Buying Refurbished Electronics on eBay
You can find great deals on refurbished electronic merchandise on eBay. Unfortunately, refurbished merchandise gets an unnecessarily bad rap. Very smart people may tell you to be wary of refurbished merchandise. Great advice . . . in fact, you should be wary of all merchandise.
When you think about it, refurbished merchandise has been gone over by the manufacturer twice — new merchandise has been gone over only once! Refurbished merchandise can be a bargain, and it falls into one of these categories:
Canceled orders: This is merchandise in perfectly good shape. Say a customer makes a special order and then changes his or her mind, or the order is somehow mucked up (“I ordered a PC. You sent me a Mac!”). Something has to be done with the merchandise. Enter you, the savvy shopper.
Evaluation units: An evaluation unit is a piece of equipment that is sent to a member of the media or to a corporation for testing or review. Evaluation units must be returned to the manufacturer, and the manufacturer may decide to unload them.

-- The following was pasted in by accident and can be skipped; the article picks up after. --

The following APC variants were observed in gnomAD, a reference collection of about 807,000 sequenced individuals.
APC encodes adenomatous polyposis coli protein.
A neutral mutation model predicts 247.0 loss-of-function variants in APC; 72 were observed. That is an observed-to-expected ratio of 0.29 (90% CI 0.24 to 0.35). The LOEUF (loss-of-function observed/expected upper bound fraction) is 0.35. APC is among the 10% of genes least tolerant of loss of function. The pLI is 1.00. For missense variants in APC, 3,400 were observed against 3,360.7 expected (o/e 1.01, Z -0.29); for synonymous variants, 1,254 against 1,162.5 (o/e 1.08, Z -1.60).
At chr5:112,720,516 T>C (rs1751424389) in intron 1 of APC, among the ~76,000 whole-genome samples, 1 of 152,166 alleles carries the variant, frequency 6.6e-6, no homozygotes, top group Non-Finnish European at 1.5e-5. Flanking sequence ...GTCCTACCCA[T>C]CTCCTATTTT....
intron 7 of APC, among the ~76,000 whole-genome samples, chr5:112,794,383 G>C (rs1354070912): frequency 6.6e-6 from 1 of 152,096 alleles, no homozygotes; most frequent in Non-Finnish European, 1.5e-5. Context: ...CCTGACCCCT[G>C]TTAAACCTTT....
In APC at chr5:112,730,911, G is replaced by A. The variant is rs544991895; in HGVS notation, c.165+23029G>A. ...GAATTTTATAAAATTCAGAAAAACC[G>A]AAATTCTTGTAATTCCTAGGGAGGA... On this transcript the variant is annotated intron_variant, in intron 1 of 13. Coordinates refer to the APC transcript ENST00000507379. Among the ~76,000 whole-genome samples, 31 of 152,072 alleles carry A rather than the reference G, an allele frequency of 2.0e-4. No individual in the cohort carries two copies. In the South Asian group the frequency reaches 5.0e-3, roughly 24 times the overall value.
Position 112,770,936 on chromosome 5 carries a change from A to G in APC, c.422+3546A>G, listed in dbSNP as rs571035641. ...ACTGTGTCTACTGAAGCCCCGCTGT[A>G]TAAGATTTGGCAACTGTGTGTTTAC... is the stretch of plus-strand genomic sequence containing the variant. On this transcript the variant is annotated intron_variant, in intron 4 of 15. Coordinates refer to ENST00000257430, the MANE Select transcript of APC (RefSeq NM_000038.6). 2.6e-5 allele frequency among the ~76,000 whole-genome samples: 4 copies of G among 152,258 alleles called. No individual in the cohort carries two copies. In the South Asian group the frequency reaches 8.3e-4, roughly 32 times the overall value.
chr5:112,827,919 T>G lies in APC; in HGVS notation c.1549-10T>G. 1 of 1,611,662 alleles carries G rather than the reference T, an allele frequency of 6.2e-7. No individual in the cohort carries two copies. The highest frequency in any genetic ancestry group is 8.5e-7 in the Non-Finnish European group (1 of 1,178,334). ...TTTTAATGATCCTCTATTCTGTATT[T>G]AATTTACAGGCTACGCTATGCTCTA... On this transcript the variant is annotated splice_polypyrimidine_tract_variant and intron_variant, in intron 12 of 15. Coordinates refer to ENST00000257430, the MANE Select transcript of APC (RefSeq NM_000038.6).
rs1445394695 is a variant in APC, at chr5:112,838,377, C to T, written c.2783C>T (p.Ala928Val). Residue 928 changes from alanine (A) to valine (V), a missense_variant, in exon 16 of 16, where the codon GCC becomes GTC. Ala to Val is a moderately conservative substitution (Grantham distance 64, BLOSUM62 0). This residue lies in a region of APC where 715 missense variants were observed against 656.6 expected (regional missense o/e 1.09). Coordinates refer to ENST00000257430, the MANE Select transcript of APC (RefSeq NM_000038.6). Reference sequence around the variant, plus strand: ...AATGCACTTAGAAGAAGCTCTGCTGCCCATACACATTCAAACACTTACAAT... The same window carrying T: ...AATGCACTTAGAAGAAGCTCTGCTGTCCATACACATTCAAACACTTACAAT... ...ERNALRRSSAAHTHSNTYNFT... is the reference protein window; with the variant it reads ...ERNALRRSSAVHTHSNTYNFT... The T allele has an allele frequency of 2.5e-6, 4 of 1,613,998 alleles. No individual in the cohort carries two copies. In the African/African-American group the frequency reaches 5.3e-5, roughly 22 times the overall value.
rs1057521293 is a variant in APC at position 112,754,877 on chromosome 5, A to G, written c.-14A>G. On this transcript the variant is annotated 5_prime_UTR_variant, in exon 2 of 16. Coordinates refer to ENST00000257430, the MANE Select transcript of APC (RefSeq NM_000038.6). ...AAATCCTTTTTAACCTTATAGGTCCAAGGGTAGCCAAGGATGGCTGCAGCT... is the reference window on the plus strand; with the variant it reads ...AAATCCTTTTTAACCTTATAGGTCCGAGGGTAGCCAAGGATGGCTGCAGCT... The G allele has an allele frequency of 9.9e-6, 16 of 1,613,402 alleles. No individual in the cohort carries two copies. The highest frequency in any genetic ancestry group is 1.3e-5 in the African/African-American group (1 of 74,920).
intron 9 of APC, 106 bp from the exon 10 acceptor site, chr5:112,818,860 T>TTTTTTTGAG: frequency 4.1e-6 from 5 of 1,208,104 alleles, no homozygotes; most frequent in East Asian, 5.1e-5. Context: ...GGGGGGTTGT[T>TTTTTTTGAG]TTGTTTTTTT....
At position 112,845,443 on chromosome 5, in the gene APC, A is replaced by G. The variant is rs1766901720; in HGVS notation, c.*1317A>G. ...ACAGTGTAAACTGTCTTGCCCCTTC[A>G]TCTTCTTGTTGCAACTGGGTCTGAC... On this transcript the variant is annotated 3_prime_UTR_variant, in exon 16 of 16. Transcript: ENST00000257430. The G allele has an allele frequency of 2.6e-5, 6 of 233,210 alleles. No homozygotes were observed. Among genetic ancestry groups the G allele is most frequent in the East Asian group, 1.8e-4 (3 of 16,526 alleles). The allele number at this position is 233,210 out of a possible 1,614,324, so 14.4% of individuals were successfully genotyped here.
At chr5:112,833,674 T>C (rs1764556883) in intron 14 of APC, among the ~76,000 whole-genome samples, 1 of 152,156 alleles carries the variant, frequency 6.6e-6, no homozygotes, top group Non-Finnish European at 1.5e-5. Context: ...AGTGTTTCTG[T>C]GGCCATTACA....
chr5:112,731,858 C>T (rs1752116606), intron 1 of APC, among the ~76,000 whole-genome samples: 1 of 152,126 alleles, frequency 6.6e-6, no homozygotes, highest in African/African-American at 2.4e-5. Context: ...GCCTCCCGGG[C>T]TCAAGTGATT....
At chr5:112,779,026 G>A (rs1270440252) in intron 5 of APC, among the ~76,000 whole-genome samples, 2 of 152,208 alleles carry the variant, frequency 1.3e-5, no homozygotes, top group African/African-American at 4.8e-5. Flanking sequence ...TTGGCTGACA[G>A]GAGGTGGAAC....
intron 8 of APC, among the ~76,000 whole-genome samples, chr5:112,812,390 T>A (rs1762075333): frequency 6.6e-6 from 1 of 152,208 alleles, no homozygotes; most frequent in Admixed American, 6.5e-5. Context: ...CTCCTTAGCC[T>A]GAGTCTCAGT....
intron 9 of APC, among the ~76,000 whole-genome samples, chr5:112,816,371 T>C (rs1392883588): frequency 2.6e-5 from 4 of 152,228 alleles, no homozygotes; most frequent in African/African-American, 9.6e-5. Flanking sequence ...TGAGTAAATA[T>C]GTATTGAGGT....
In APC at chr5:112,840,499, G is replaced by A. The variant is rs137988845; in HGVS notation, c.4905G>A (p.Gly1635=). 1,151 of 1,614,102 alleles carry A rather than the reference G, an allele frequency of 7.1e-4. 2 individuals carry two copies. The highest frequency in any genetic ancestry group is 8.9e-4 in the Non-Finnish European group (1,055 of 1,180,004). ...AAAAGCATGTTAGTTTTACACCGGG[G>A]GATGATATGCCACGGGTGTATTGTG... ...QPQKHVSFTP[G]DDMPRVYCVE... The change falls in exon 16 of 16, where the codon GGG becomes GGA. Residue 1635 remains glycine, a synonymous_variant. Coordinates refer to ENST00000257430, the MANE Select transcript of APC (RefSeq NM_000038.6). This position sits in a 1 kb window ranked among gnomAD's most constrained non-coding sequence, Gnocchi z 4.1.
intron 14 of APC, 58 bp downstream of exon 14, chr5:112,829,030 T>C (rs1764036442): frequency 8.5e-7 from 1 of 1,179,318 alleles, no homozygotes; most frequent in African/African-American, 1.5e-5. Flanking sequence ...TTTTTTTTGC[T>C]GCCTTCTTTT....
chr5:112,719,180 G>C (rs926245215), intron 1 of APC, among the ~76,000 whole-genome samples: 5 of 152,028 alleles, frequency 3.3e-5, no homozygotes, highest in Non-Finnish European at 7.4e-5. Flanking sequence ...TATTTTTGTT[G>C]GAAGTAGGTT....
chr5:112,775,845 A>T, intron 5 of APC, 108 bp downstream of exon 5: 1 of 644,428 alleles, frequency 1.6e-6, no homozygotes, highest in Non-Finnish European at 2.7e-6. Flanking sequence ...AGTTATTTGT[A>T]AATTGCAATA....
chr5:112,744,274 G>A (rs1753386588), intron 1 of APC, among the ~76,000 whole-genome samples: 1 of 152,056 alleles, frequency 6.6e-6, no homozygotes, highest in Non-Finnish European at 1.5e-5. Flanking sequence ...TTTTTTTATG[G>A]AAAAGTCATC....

Store returns: This is probably pretty obvious to you, right? Joe Customer buys something in a store, takes it home, and opens it, only to decide that he doesn’t really want it. By law, as soon as the box is opened, a piece of merchandise can never be sold as new again, even if the merchandise was never used.
Defective units: This is a piece of merchandise deemed defective by either the store or by the user and returned to the manufacturer.
Overstocks: When a manufacturer comes out with a new model, they may take back the older models from retailers in an effort to encourage them to stock more of the newer, faster, cooler model.
Whenever an item is returned to the manufacturer for any reason and the original box has been opened, the item (whether it’s a television, a computer, a camera, or some other technical device) must be reconditioned to the manufacturer’s original quality standards. Any non-functioning parts are replaced with functioning components and the item is repackaged. The manufacturer usually gives refurbished items a 90-day warranty.
When buying refurbished goods, be sure the original manufacturer was the one doing the reconditioning. Although some technical geeks can fix things just fine in their garage, you don’t have the same level of protection (as in, you don’t have a warranty from a reliable source) if you buy a piece of equipment that wasn’t fixed by the manufacturer.